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Installment plans have helped shoppers afford large purchases since the late 19th century and are still available for pricey items like cars and smartphones. But to delay payment for a T-shirt and a couple pairs of jeans, you needed a credit card. Now several fintech startups are putting smaller purchases on installment, too.
Earlier this year, Australia’s Afterpay began offering installment plans in the U.S., joining Affirm, a San Francisco startup launched by PayPal co-founder Max Levchin. Square announced its own installments plan in October; so did Swedish payments company Klarna, which has teamed up with H&M to offer services in 14 markets it didn’t name.
Affirm and Afterpay say they’re targeting millennial shoppers by filling a gap between credit cards and store credit, which require lots of paperwork and a strong credit rating. Perhaps mindful of the new competition, established players such as Discover warn that these upstarts could run into trouble should the economy sour and defaults spike.
Consumers apply online or via app and learn whether they’ve been approved in seconds. They click a button at checkout on the websites of participating retailers if they want to pay by installment. Cotton On, which sells inexpensive apparel, began offering U.S. installments through Afterpay in August. E-commerce chief Brendan Sweeney says 20 per cent of buyers are already using the feature, which breaks up bills into four equal parts spread over six weeks and charges no interest.
“I was kind of skeptical that there would be a market for people interested in installments, but there clearly is,” he says. “We’ve seen a remarkable uptake from millennial customers.” Sweeney says shoppers spend US$50 on average per order.
Afterpay Touch Group Ltd. caught on quickly with Australian millennials, many of whom abandoned credit cards after the 2008 recession. Founder Nick Molnar was a teenager when the crisis hit and understood intuitively that his contemporaries would approach credit differently from their forebears.
The company charges no interest, instead collecting a fee of as much as 6 per cent of a sale from the retailer. Afterpay works with 20,000 merchants globally—including 1,000 now online in the U.S. where the company has signed up Urban Outfitters, Anthropologie and Free People. Based on its recent monthly performance, Afterpay says it has a global sales run rate of more than US$3 billion a year.
Afterpay is betting American millennials will be just as keen on its service as their Australian counterparts. The company says 65 per cent of the U.S. cohort don’t have a credit card, are 30 on average and are intrigued by using installments to pay for merchandise. Leslie Parrish, a senior analyst at researcher Aite Group, says the simplicity of installments is at the heart of the appeal. “You know precisely when you’ll pay off that loan,” she says. “That gives you more discipline.”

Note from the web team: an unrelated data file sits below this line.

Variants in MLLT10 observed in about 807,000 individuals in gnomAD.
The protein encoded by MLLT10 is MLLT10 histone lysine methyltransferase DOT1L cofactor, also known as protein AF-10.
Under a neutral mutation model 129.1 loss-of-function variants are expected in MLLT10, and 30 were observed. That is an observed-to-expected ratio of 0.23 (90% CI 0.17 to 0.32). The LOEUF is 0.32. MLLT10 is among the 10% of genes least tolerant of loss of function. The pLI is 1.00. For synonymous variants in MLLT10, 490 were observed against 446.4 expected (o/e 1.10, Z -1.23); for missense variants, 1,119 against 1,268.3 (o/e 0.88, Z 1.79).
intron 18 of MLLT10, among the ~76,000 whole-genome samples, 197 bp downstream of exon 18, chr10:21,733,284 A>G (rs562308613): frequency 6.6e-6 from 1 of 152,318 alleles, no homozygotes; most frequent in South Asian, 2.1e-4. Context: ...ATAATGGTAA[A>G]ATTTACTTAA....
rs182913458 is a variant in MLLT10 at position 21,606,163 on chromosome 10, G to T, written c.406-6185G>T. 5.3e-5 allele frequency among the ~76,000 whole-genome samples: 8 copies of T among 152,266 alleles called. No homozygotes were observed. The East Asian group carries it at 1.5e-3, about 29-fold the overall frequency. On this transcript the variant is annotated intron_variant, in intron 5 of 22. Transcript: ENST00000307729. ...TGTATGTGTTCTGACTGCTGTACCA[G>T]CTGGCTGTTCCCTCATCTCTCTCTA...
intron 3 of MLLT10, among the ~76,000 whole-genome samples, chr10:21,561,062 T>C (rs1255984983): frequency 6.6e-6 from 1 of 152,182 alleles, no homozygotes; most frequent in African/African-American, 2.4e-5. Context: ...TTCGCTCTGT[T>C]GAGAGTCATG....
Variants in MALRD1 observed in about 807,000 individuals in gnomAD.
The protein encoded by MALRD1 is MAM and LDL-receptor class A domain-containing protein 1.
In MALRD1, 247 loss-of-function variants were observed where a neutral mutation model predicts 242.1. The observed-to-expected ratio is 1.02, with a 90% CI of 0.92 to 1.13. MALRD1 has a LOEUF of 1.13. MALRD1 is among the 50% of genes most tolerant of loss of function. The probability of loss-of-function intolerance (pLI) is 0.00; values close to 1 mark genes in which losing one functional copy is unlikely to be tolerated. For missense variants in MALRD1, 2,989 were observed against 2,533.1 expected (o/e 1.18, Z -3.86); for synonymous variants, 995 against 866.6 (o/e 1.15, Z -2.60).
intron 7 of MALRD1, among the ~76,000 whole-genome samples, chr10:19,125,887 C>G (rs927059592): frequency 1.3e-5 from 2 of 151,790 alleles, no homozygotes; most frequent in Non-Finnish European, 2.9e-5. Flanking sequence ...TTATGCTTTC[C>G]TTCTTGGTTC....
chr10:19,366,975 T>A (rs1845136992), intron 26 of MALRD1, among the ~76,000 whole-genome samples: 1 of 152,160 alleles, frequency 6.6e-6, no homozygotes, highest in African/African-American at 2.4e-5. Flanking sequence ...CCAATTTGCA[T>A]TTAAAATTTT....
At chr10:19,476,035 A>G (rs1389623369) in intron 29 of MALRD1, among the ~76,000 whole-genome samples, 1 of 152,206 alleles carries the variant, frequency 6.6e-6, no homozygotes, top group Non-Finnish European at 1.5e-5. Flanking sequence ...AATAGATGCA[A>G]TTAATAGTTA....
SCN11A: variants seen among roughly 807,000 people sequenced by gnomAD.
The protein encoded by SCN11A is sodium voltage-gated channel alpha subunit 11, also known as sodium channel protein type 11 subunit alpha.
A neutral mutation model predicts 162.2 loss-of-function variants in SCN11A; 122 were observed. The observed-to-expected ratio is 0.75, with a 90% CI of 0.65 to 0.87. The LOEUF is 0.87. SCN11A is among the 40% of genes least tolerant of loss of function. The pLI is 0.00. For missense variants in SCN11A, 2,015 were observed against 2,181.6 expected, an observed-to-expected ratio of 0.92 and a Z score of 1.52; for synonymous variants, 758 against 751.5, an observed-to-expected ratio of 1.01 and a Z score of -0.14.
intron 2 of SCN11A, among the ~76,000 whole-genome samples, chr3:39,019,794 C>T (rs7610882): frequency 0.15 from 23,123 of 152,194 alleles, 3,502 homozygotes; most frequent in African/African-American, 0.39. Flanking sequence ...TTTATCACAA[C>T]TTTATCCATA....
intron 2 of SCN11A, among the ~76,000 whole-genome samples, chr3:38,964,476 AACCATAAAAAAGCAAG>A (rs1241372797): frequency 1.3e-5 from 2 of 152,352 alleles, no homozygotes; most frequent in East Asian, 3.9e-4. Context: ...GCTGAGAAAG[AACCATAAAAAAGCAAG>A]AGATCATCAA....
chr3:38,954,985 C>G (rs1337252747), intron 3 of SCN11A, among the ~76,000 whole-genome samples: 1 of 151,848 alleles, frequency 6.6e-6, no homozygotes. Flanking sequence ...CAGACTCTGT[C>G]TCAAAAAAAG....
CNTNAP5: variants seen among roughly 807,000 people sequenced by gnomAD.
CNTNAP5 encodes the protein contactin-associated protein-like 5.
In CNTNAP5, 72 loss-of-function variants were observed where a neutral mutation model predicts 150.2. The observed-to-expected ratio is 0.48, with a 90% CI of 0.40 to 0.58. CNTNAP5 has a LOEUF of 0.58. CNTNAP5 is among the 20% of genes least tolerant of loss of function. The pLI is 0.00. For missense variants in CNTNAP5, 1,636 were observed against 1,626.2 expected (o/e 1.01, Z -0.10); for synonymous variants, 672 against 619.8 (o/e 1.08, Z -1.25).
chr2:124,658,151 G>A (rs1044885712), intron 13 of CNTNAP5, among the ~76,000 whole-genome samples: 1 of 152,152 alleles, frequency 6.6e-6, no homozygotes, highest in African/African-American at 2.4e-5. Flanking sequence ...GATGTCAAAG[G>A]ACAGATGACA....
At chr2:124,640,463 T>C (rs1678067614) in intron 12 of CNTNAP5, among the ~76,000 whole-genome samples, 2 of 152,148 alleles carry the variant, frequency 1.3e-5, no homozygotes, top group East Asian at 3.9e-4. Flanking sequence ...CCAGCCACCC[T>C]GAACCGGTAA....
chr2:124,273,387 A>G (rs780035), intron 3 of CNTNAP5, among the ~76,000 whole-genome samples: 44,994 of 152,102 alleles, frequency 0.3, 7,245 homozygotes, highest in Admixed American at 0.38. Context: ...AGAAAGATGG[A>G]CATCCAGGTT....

Affirm Inc. issued more than US$1 billion in loans last year, and expects to double that this year. Founded in 2012, the company says it works with more than 1,300 merchants including Peloton, Casper mattresses and travel giant Expedia. Affirm charges retailers a fee or consumers interest, which can be as much as 20 per cent. Repeat customers, who have shown they can repay loans, typically pay lower interest. Those who default may be turned away next time.
The upstarts are muscling into consumer finance even as traditional players pull back, citing the specter of rising defaults. Affirm and Afterpay typically approve more than 80 per cent of applicants, compared with about 50 per cent for store credit. Discover, one of the biggest players in consumer finance, has zeroed in on offers from online lenders and warned that they lack the experience to manage through a downturn.
Afterpay and Affirm brush off such concerns, arguing that their technology analyzes hundreds of variables, even how fast a person is typing, to determine credit-worthiness.
“Their artificial intelligence and machine-learning algorithms is the secret sauce, allowing them to approve instantly a wider spectrum of borrowers not traditionally pursued by the legacy credit-card issuers,” says Richard Crone, who runs payments researcher Crone Consulting LLC.
The nascent industry is tiny and its proponents say there is plenty of room to grow in the U.S., where more than half of American consumers have lousy credit and need alternative ways to finance their purchases. Still hurdles are emerging. Despite building a US$1.8 billion business, Levchin acknowledges that most shoppers have no idea they’re using his company when they choose how to pay at checkout.
“We’ve built this enormous audience,” he says. “But a lot of them still don’t really know that much about us.” To become better known, Affirm in November said it was redesigning its logo and will start listing all the retailers it works with on its website. The company will also step up a focus on travel, letting consumers pay for vacations over time.
Afterpay has come under fire in Australia for late fees (US$8 if a borrower misses their second installment, for example) that made up about a fifth of its revenue in first half of the year. Critics say the practice could hurt consumers’ credit ratings, and the Australian Senate launched an inquiry into buy-now-pay-later businesses. The nation’s securities regulator, meanwhile, has asked lawmakers to tighten lending standards.
So far no such issues have emerged in the U.S., but consumer watchdogs are already paying attention. “These services were created to facilitate impulse shopping that, for many, jeopardize their ability to afford necessary expenditures and to build needed savings,” says Steve Brobeck, senior fellow at Consumer Federation of America.
Millennials, be forewarned.
--With assistance from Julie Verhage, Jennifer Surane and Matthew Burgess.